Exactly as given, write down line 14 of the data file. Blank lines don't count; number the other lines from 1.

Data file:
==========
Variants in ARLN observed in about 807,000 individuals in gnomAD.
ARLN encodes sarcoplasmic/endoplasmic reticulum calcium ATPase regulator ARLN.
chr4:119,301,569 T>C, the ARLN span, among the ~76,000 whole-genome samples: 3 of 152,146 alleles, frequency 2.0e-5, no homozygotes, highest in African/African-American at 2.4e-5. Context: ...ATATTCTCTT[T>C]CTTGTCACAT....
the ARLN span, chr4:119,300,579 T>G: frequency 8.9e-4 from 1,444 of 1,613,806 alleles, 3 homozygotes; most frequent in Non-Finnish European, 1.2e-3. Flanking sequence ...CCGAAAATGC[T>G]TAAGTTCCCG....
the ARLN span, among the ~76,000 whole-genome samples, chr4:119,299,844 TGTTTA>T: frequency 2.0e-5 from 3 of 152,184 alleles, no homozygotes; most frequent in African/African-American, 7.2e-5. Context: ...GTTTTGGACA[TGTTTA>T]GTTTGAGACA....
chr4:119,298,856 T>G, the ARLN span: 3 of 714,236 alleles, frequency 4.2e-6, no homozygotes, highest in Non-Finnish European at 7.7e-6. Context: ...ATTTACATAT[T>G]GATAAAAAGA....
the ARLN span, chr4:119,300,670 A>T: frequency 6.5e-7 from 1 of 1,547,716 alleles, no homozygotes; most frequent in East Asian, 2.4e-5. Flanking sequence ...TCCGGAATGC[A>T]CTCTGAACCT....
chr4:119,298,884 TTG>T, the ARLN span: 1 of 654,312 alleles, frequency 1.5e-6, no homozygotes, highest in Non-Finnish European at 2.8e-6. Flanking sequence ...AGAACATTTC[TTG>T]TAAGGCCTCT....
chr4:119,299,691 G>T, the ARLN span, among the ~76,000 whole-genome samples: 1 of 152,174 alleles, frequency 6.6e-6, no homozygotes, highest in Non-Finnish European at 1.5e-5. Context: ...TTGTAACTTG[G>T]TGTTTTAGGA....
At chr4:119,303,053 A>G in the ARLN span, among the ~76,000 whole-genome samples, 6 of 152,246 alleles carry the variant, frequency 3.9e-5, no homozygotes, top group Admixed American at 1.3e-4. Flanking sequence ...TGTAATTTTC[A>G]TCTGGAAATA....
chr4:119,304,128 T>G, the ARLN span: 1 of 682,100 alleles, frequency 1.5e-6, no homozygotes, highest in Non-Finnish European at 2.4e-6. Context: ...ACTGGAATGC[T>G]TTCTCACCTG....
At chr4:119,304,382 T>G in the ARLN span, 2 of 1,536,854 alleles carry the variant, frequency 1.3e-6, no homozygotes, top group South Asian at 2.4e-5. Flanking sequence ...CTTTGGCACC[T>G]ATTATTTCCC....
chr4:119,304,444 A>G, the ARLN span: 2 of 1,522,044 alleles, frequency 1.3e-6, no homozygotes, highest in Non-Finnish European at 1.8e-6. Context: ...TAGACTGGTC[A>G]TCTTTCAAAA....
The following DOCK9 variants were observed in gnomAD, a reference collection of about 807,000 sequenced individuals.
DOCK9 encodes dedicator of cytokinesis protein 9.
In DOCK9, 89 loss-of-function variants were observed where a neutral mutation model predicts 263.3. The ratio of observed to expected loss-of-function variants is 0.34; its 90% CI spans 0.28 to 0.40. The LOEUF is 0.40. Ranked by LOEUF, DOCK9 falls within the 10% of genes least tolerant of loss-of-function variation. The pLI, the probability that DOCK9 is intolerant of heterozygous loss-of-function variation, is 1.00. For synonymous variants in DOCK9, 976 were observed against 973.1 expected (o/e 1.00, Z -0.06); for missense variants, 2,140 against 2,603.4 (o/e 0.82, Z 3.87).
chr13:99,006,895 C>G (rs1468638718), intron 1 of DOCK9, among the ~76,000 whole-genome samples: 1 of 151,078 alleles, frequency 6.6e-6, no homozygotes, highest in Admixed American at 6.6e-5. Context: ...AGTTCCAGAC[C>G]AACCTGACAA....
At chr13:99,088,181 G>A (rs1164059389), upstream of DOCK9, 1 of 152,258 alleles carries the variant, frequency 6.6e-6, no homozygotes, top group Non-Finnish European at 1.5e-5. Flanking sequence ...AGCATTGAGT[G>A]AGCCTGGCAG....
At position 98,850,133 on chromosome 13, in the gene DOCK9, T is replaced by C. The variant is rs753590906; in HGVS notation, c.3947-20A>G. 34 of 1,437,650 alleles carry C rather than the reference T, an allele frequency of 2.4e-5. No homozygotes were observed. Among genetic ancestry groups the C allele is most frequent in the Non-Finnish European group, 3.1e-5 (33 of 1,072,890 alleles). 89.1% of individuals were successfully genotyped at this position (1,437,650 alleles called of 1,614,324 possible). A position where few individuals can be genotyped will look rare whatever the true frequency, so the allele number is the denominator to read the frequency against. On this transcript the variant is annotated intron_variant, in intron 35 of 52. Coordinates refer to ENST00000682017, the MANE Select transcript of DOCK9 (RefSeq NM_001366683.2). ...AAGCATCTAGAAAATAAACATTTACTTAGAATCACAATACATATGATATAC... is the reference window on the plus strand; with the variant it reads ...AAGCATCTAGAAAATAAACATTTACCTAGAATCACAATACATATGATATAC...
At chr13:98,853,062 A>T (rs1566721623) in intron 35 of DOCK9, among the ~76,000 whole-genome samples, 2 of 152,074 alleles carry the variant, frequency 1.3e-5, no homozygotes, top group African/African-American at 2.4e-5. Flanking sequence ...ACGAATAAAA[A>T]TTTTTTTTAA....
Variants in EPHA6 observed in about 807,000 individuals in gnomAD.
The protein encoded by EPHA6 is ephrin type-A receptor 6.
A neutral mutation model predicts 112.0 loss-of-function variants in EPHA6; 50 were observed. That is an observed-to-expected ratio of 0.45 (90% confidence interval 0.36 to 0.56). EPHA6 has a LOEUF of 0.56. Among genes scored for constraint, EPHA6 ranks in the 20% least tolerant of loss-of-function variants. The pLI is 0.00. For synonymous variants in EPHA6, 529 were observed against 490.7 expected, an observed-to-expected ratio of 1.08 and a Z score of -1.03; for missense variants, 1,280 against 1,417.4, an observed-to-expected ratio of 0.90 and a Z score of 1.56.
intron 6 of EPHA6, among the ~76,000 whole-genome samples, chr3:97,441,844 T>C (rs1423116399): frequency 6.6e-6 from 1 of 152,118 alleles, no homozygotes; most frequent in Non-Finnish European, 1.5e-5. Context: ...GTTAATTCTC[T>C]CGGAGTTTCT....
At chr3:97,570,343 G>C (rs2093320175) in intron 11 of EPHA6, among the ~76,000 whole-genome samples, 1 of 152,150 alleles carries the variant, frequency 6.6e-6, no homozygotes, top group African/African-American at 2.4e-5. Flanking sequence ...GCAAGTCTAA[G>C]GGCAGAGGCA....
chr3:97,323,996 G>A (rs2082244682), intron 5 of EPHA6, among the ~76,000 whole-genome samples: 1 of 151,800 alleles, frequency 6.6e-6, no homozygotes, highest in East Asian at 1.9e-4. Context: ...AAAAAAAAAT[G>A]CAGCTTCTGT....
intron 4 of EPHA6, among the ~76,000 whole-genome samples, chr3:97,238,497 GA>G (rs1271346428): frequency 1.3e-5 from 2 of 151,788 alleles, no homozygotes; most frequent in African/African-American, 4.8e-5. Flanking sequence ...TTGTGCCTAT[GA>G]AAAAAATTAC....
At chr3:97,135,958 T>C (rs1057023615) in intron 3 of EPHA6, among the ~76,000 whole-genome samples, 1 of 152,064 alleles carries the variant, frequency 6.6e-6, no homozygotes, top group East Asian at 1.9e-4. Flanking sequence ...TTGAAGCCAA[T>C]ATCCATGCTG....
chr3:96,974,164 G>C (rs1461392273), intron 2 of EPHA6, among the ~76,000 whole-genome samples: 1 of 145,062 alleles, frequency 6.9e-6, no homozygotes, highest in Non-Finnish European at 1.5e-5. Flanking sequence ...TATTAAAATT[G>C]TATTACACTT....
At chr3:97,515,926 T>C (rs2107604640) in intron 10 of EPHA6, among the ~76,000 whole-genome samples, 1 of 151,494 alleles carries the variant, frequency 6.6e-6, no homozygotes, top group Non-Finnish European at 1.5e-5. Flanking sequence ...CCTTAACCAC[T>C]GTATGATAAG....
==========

The following DOCK9 variants were observed in gnomAD, a reference collection of about 807,000 sequenced individuals.